The Power of Grassroots Initiatives to Create a More Peaceful Future
This is the fourth in a series of blogs on peacebuilding in Colombia. View the full series here.
On a sunny day in Medellín, some of our Humanity United team went for a walk in the botanical gardens with Milton, a community leader from Buriticá. Milton made the journey to share with us about how development projects had disrupted his community and threatened their traditional livelihoods. Most notable is the Hidroituango project, a hydroelectric dam on the Cauca River that will generate electricity to be sold in the country, and eventually throughout South America. The problem, we learned, was that Milton’s community made their livelihoods from the river as fishers and gold miners. With the dam months away from operation, the community needed to find a way forward.
For some, the Hidroituango is a success story and an opportunity for Colombia to produce green energy for the region. For many others, the dam represents devastation of livelihoods and ecosystems. For years, movements have organized nonviolent actions to stop the project from moving forward. Now, the project is near completion and has already begun operating. The Cauca River has risen to levels that make it unsafe to mine or fish. Efforts to block the project may have failed, but Milton remains determined to ensure his community has a role in defining their future. To that end, he engages in dialogues with municipal leaders and decision makers at the utility company that manages the project. Through a program called la Ruta de la Confianza (the Path of Trust) Milton and other community members work with municipal and corporate stakeholders to develop collaborative initiatives that address environmental issues, economic and social development, gender, participation, entrepreneurship, and mental health.
In this story of local conflict, the nation’s history of war and peace agreements stands as a backdrop. Many of Milton’s community are also registered in the National Registry of Victims (RUV) of Colombia’s armed conflict, and the people carry the trauma of their past. Our conversation with Milton underscored the need to pay attention not only to negotiations and peace agreements at a national level, but also to the everyday forms of conflict that challenge communities as well as the everyday efforts to transform conflict into peace.
This is why Humanity United takes an ecosystem approach to our work in Colombia, supporting organizations and initiatives that work at multiple levels and across different territories. Our guiding principle is to support the agency and power of people working locally – people like Milton – to achieve meaningful change in their contexts.
In his book “The Moral Imagination: The Art and Soul of Building Peace,” John Paul Lederach writes about creativity as a powerful tool for conflict resolution. Constructive social engagement happens when communities create together that which does not yet exist.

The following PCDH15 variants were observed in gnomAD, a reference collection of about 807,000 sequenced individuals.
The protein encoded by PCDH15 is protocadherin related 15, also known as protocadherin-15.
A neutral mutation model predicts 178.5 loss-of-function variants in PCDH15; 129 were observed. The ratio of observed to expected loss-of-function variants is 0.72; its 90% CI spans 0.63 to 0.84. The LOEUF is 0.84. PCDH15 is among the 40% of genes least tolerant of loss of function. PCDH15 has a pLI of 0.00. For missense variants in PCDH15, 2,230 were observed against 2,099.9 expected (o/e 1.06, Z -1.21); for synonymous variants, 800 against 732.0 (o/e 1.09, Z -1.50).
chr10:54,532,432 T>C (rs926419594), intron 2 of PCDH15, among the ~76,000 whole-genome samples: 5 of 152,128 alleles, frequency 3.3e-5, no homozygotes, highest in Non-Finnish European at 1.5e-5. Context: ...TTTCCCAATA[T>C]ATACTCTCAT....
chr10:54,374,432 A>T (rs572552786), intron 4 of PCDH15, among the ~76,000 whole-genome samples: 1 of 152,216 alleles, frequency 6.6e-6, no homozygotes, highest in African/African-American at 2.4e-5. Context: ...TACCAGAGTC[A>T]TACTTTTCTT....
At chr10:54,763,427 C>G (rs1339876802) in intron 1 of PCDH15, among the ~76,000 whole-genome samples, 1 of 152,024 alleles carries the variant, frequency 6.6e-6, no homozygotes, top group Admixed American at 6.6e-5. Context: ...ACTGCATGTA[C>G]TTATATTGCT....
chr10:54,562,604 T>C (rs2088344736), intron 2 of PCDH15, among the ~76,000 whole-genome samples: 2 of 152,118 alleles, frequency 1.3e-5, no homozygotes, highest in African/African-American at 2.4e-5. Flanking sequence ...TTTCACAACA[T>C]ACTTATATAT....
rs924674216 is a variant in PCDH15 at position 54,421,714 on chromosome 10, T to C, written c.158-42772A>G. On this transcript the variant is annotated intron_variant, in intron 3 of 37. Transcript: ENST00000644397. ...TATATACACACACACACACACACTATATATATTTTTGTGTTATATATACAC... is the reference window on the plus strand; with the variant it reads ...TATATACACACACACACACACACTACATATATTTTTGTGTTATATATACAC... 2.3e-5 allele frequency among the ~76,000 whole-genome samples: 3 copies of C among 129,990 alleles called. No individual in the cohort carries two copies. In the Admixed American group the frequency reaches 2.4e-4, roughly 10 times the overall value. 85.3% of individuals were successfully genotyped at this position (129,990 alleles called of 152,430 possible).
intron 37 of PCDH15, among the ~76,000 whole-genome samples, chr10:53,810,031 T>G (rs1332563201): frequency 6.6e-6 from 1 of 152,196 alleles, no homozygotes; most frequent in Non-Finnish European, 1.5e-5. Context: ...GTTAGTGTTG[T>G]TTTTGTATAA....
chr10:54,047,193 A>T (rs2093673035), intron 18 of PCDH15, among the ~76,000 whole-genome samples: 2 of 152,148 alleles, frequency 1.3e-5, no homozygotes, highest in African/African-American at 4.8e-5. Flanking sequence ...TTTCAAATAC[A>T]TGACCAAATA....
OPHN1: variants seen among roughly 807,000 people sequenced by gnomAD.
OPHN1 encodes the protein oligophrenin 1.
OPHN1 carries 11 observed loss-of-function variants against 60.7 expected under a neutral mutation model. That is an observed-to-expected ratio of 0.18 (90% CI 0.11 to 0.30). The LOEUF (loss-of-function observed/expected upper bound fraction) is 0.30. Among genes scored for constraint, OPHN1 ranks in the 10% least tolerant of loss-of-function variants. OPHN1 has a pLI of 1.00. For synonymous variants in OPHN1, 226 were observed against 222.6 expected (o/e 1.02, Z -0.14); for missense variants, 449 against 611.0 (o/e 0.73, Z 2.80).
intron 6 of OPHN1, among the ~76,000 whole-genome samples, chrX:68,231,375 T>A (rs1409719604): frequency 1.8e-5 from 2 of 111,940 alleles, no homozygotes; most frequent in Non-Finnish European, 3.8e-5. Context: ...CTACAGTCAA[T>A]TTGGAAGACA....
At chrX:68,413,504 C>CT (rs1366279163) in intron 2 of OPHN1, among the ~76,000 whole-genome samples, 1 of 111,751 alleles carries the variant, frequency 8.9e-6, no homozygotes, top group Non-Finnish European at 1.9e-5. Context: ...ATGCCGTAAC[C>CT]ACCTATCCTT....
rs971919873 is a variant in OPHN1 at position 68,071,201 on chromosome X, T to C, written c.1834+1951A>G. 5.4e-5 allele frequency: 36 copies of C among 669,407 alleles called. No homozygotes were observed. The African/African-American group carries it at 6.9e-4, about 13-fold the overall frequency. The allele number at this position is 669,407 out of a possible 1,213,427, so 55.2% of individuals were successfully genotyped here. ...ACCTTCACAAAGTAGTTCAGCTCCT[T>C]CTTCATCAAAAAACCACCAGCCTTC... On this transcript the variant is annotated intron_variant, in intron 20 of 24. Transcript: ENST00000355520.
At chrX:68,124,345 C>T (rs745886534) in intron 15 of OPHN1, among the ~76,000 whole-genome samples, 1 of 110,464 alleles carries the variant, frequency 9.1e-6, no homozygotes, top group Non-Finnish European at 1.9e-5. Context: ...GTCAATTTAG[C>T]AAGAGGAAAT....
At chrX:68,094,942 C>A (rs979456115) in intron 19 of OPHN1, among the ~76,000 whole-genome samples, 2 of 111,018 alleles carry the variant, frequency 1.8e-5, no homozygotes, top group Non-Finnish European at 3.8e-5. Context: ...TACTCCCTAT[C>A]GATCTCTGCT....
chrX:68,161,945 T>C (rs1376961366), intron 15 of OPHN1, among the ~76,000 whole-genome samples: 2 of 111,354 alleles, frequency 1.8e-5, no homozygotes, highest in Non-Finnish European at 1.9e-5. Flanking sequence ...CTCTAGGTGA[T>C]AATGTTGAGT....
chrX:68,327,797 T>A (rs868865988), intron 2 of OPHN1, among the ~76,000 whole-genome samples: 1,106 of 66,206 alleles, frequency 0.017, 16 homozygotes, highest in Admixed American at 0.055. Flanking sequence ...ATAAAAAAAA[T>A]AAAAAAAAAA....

This is the vision of HU partner TerritoriA, an organization supporting an emerging local civil society infrastructure of territorial foundations (a Colombian spin on the community foundation movement). The vision of the territorial foundations is to be a space for communities to contribute to autonomy and sustainability. Community leaders are accompanied through learning journeys to co-create social infrastructure that makes collective action possible, utilizing skills like dialogue, systems thinking, and participatory methods. In this way, territorial foundations become spaces that are conducive to the process of creation.
Members of the Humanity United team had the opportunity to meet some of the community members behind the creative initiatives supported by Paisano, the first Territorial Foundation in Colombia, which connects and supports local initiatives. One of these is Mama, a women-led collaborative who came together during the Covid-19 pandemic to build a mutual aid effort centered on a circular economy approach. At Mama, women donate clothing to be mended and circulated back into the community at a low cost. These women leaders also use their sewing skills to create reusable diapers and feminine hygiene products for their community and other communities of women, including a partnership with indigenous communities nearby. Mama leader Jessica spoke about how these efforts enable a new kind of cooperation of the women in Soacha and spread practices of sustainable living.
When people come together across divisions to create their shared future, their ideas cross traditional sectors. While we came to Colombia to learn about peace, we heard about efforts related to gender, climate, development, livelihoods, health, indigenous rights, and more. In this way, grassroots leaders demonstrate a deep understanding of how all these things are connected in systems, and that the many issues we face globally and locally cannot be disentangled from one another.
Grassroots initiatives have the unique ability to engage people in the creation of their own future. This is a powerful goal anywhere in the world, but especially in places like Colombia where people are hungry for a peaceful future for their country.
Those of us concerned with global issues like peace and conflict, climate and human rights should remember that each of these issues manifests in particular contexts – and it is from these specific places that the future will come, through the persistent creativity of people.
Many thanks to Milton, Fundación Ideas para la Paz, TerritoriA, Paisano, and Mama who shared their time and stories with us.
Lexi Mairone is a Manager for HU’s Peacebuilding body of work, where she supports grants related to global peacebuilding innovation, field building, and systems change.